Related: Kingdom Come Deliverance 2 brings back everything you love and adds weapons for good measure

    More content like this that gives you a complete replication of a unique period-sensitive lifestyle would be very welcome; perhaps a guard, cook, or farmer section would be necessary, just to name a few options (or all three).

    (Side note: I wouldn’t mind in the least if Warhorse fully embraced the simulation genre in future titles.)

    4. A companion dog

    Image via Warhorse Studios YouTube

    Henry’s dog appeared in a minor capacity in Kingdom Come: Deliverance, but there was no option for him to accompany you long term. There will also be one in the sequel, but it’s unclear if he’ll be a suitable companion. Personally, I’d love to see all the perks for pets and possibly equipment, as well as perks for Henry that have synergy with the pet and commands that allow you to tell him what to do (both in and out of combat). They could even be very specific and allow you to hit the dog on specific limbs while aiming for the face, for example.

    3. Weapons

    Image via Warhorse Studios YouTube

    Well, I didn’t know I wanted this until I saw it in the reveal, but now I did. I’m told that early firearms like the ones we’ve seen in the first images looked more like hand cannons (in a very literal sense), and so far it certainly looks (and sounds) that way. There’s a part of me that wants to combine stealth with weapons, but since it seems like any shot could go through a barn door, that’s probably not on the table. I imagine reloading will be a slow and painful experience and you’ll be very limited in ammo to balance things out, but it will be worth it to send a group of Cumans straight to hell.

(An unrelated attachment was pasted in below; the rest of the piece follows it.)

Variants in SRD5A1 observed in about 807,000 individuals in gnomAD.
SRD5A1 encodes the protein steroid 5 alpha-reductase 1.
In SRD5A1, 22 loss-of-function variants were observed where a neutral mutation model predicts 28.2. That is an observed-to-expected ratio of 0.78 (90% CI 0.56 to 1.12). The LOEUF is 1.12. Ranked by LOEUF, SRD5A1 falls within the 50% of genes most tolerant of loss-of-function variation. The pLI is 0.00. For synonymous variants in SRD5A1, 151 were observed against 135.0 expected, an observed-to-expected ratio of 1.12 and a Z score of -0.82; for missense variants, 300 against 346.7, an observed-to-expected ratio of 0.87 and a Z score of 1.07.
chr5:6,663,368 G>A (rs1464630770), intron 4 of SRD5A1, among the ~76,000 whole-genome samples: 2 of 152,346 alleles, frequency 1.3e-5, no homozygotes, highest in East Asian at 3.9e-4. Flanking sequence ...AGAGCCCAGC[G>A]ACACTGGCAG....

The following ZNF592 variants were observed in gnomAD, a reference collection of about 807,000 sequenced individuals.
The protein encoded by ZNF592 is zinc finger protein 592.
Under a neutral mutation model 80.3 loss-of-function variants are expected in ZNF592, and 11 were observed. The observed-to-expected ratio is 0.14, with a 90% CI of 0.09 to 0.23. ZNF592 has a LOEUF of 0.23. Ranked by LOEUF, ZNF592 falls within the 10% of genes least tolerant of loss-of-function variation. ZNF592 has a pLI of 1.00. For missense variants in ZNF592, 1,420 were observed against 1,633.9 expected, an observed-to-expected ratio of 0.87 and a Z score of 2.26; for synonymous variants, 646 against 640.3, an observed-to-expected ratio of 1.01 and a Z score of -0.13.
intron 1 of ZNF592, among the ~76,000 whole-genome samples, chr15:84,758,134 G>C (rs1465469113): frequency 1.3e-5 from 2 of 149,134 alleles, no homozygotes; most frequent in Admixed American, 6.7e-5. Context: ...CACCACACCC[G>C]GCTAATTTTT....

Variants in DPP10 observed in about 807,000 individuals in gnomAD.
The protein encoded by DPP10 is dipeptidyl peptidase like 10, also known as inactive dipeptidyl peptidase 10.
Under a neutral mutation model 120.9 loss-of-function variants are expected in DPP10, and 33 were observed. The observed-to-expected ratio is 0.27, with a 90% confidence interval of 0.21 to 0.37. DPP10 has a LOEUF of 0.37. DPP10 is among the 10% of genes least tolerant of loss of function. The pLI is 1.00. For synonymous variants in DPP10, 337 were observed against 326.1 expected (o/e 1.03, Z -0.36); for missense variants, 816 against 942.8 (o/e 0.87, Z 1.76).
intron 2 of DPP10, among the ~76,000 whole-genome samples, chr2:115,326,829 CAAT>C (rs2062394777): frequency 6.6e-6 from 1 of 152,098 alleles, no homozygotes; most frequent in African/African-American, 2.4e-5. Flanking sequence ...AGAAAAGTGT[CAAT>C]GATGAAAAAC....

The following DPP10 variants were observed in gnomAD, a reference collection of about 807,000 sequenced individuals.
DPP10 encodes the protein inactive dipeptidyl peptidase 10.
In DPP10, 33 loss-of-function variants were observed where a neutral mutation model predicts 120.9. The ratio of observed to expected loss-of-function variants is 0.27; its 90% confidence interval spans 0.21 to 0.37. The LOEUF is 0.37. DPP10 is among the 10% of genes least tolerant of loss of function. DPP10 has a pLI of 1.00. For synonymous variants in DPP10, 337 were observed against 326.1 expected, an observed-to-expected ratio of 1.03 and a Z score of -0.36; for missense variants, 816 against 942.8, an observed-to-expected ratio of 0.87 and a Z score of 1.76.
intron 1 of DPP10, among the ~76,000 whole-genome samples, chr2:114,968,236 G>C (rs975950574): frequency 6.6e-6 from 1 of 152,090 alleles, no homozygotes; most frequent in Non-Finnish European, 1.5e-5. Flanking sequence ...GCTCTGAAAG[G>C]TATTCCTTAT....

2. Improved Stealth

    I was in the minority of players of the first game who didn’t actually have much of a problem with the combat because I pretty much ignored it by committing to stealth. And while one of the most fun I’ve had in gaming was sneaking through the woods and luring bandits to their doom with a knife after whistling at my horse (bless the janky mechanic) or poisoning their food, there’s room for improvement. .

    For example, the AI ​​might be a little aggressive or inconsistent at times, take too long to lower its alertness, or notice you too easily to be much fun, so cleaning up a bit would definitely help. Additionally, there was really only one set of stealth gear in the game, so more on that front would add to the experience. In terms of weapons, I’m not a history buff so this may not be appropriate for KCD2’s setting, but caltrops and any tools that allow distraction would make the game more diverse and fun.

    1. Performance

    If I could fix anything in the sequel, it’s this. Performance was always the game’s biggest weakness, dropping to around 40 frames per second with some stuttering depending on settings and hardware and what area you were in (as is typical in RPGs, cities during the day were those who had the most problems). You could remove some settings for a better experience, but with a game this beautiful, it’s a shame. If Warhorse achieves a better optimized title this time around, it will be much harder to stop playing.

    Want more medieval games coverage? Check out the 5 most historically accurate video games here at MyFullGames.